But is it intuitive that "average number of successes in first n rolls is 1" is the same as "average of number of rolls needed to see the first success is n"?
I guess there's a subtlety there.
Now that I read your second paragraph again, though, I think your explanation is reasonably intuitive. For illustration, let's say it's a tensided die. Suppose you have your mind made up that you're only going to roll the die seven times. If you repeat this experiment again and again, the expected number of successes is 7/10, which is less than 1. So "on average", you haven't had your first success yet. And if you replace 7 with a fixed number larger than 10 (let's say 12), then "on average", you expect to have "already" had your first success somewhere before the end of the 12 rolls.
In any case, thank you. Your intuitive explanation is pretty good, and there's always a certain amount of subjectivity in what counts as "enough" of an intuitive explanation.

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Re: mean of geometric distribution: *intuitive* reason
This might be less intuitive, depending on how your intuition works. But you can also observe that the average needed is the same as 1 plus 5/6 of the average needed (you always need at least 1 roll, then 5/6 of the time you're back where you started). So 1/6th of the average is 1, so the average is 6.
This also has a visualization in terms of the corresponding geometric distribution. If you shift the whole distribution left by 1, and delete the part of the distribution that's now on 0 (because its mass doesn't contribute anything to the sumproduct for the average), that's the same as scaling down the distribution uniformly by a sixth. So a sixth of it averages 1, so the whole thing averages 6.
This also has a visualization in terms of the corresponding geometric distribution. If you shift the whole distribution left by 1, and delete the part of the distribution that's now on 0 (because its mass doesn't contribute anything to the sumproduct for the average), that's the same as scaling down the distribution uniformly by a sixth. So a sixth of it averages 1, so the whole thing averages 6.
 dudiobugtron
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Re: mean of geometric distribution: *intuitive* reason
I like lightvector's approach, that is a pretty good way to understand it.

I think that it is actually a pretty unintuitive result, though. I think this is because, in practice, the average as you see it will always end up seeming slightly less than 6. The average is only exactly '6' if you factor in large, ridiculous results. You can't actually roll a die arbitrarily many times in real life.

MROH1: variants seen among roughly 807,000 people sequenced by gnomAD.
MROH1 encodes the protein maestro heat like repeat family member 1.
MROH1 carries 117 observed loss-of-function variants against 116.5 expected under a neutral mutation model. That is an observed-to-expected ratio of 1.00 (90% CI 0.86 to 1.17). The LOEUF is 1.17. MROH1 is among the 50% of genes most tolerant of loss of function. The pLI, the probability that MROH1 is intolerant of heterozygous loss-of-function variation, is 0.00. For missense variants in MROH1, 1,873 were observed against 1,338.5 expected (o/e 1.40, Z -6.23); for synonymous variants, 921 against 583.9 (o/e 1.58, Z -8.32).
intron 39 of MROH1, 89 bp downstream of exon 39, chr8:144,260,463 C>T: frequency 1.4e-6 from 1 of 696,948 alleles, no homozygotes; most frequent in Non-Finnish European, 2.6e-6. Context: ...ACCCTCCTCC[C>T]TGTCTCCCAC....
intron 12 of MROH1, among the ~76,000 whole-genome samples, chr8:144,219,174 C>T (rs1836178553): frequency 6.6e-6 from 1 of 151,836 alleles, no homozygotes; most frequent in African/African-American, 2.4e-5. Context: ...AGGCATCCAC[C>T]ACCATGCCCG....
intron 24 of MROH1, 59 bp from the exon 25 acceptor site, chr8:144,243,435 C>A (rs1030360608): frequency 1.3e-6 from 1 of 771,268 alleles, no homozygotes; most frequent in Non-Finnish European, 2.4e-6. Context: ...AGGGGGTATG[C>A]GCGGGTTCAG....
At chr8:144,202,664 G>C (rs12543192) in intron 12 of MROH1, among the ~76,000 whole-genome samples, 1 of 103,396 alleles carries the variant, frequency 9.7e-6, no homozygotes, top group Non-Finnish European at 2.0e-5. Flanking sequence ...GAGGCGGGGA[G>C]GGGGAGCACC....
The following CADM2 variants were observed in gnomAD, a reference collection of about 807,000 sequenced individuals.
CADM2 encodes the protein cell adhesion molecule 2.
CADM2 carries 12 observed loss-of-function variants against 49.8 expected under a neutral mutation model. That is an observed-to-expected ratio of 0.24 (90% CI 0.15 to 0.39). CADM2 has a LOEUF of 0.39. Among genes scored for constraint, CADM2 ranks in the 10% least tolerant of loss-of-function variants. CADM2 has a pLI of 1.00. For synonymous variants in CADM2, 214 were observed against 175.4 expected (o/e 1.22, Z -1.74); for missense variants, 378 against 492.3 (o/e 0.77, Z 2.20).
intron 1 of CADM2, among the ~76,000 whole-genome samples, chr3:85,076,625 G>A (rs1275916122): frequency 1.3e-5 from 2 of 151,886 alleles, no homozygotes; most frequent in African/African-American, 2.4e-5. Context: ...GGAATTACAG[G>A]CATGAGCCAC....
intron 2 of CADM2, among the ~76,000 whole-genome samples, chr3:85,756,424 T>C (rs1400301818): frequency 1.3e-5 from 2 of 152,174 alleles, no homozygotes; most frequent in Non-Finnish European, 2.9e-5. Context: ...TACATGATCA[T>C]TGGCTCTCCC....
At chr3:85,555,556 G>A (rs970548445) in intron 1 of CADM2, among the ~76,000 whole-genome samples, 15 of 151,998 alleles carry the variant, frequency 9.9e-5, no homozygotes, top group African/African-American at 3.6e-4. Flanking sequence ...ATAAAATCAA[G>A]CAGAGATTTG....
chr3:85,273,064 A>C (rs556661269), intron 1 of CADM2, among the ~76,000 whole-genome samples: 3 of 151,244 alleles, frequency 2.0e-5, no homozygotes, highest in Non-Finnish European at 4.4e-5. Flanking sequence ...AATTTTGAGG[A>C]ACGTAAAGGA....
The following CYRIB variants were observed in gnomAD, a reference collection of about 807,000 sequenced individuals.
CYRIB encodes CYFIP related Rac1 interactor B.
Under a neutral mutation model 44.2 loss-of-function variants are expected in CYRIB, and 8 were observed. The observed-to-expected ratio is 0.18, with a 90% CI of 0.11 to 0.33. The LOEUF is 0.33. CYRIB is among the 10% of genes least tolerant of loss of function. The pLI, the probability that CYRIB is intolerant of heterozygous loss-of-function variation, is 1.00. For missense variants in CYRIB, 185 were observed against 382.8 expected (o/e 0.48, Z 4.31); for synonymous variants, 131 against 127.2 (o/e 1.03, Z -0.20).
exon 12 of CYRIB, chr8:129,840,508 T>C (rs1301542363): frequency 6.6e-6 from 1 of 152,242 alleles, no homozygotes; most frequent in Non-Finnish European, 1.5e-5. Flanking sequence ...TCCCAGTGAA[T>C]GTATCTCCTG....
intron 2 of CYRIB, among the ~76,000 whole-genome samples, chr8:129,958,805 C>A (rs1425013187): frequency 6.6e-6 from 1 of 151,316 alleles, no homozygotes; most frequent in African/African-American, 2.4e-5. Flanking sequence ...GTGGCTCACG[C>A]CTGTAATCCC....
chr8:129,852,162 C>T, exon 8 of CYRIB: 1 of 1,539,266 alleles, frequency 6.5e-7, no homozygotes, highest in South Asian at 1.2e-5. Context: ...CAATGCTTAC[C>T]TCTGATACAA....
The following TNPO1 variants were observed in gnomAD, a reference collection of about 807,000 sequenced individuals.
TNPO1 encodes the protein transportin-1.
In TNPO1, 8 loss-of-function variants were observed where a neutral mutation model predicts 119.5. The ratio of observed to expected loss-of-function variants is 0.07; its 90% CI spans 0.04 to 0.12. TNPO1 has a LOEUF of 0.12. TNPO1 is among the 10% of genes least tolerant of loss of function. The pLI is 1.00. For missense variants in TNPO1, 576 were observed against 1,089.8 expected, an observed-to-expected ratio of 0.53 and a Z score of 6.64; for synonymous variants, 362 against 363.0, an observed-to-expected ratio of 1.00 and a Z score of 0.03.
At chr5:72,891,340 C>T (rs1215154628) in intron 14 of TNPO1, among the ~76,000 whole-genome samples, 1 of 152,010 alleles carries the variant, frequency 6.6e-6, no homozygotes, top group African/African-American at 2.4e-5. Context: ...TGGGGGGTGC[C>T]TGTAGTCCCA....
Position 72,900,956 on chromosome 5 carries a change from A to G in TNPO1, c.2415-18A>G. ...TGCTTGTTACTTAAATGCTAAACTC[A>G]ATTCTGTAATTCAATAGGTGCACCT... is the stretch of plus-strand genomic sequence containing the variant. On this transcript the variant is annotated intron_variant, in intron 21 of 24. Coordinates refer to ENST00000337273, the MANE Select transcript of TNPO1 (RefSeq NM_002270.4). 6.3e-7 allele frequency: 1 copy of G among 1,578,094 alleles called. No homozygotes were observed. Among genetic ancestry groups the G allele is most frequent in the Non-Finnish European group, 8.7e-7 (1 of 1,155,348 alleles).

The average position that a 5 first appears, out of all finite sets of (no more than N) rolls where it does appear at some point, will of course be less than 6.
If you roll a die 100 times and don't get a 5, you're not going to keep rolling it, you're going to think the die is loaded.

I think that it is actually a pretty unintuitive result, though. I think this is because, in practice, the average as you see it will always end up seeming slightly less than 6. The average is only exactly '6' if you factor in large, ridiculous results. You can't actually roll a die arbitrarily many times in real life.
The average position that a 5 first appears, out of all finite sets of (no more than N) rolls where it does appear at some point, will of course be less than 6.
If you roll a die 100 times and don't get a 5, you're not going to keep rolling it, you're going to think the die is loaded.
Re: mean of geometric distribution: *intuitive* reason
I like lightvector's approach too. Thanks, everybody.
Somewhat in the spirit of dudiobugtron's remarks: note that the median of the geometric distribution, as opposed to the mean, is less intuitive.
The formula for the median appears on the Wikipedia page I linked in my first post. It's the ceiling of log(2)/log(1p).
That median happens to be 4 for a 6sided die, 7 for a 10sided die, 14 for a 20sided die, and 69 for a 100sided die.
Somewhat in the spirit of dudiobugtron's remarks: note that the median of the geometric distribution, as opposed to the mean, is less intuitive.
The formula for the median appears on the Wikipedia page I linked in my first post. It's the ceiling of log(2)/log(1p).
That median happens to be 4 for a 6sided die, 7 for a 10sided die, 14 for a 20sided die, and 69 for a 100sided die.
Re: mean of geometric distribution: *intuitive* reason
I usually think of it as if you rolled a large number of die, you'd get an average of 1/6 6s, so the average time between them must be 6.
addams wrote:This forum has some very well educated people typing away in loops with Sourmilk. He is a lucky Sourmilk.
Re: mean of geometric distribution: *intuitive* reason
mikel wrote:I usually think of it as if you rolled a large number of die, you'd get an average of 1/6 6s, so the average time between them must be 6.